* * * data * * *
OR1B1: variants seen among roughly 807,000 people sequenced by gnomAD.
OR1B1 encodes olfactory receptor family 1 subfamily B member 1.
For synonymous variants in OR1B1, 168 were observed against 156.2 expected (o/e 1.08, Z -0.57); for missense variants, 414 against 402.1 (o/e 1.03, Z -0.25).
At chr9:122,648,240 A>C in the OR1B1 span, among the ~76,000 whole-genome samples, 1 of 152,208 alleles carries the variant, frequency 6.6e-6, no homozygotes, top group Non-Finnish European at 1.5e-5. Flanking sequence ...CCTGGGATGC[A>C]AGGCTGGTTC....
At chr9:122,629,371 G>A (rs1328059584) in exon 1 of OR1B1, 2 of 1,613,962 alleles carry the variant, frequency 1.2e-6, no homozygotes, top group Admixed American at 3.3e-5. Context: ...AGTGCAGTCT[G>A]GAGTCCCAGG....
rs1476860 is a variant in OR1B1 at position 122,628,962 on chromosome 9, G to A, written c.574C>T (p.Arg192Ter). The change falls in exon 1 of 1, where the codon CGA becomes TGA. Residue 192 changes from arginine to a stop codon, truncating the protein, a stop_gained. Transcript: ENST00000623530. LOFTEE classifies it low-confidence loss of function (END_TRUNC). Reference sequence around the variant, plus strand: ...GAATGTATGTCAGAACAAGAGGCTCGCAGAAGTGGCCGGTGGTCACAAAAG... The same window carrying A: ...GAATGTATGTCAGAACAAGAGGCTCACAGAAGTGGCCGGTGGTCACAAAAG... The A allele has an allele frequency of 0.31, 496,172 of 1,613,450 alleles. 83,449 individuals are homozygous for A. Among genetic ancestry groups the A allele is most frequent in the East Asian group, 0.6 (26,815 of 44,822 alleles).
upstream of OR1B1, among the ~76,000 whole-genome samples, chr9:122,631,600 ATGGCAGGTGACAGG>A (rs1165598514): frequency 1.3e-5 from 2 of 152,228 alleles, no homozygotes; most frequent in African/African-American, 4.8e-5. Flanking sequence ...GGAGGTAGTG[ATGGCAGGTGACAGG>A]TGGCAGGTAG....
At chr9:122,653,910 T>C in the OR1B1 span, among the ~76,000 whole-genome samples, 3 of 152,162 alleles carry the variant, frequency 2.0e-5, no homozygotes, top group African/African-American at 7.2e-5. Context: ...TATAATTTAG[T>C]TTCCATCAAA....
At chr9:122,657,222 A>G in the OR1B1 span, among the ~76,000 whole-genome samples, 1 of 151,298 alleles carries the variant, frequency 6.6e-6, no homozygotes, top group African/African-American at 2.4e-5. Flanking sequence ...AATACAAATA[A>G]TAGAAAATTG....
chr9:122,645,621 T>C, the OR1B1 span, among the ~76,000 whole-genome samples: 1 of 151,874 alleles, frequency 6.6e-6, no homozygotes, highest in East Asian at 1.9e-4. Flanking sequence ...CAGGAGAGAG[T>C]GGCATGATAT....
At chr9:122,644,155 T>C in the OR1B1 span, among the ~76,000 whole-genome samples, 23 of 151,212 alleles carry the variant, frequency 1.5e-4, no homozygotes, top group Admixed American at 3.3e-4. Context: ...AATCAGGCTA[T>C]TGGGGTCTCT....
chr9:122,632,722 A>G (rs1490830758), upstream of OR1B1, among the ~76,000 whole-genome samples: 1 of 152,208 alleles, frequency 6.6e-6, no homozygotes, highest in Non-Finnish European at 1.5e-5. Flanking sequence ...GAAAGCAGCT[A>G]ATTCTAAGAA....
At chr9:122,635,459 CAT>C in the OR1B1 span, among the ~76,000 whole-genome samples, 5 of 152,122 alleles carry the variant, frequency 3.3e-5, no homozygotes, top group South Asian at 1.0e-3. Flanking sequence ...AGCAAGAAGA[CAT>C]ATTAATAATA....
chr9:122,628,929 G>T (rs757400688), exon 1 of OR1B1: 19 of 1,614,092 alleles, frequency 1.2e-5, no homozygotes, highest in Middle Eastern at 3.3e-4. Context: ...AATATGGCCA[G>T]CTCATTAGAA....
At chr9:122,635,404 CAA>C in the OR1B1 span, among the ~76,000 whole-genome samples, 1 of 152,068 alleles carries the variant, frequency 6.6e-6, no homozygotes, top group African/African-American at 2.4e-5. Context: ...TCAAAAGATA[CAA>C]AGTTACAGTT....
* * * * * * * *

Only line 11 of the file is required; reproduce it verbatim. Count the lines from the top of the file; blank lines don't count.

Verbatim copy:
At chr9:122,644,155 T>C in the OR1B1 span, among the ~76,000 whole-genome samples, 23 of 151,212 alleles carry the variant, frequency 1.5e-4, no homozygotes, top group Admixed American at 3.3e-4. Context: ...AATCAGGCTA[T>C]TGGGGTCTCT....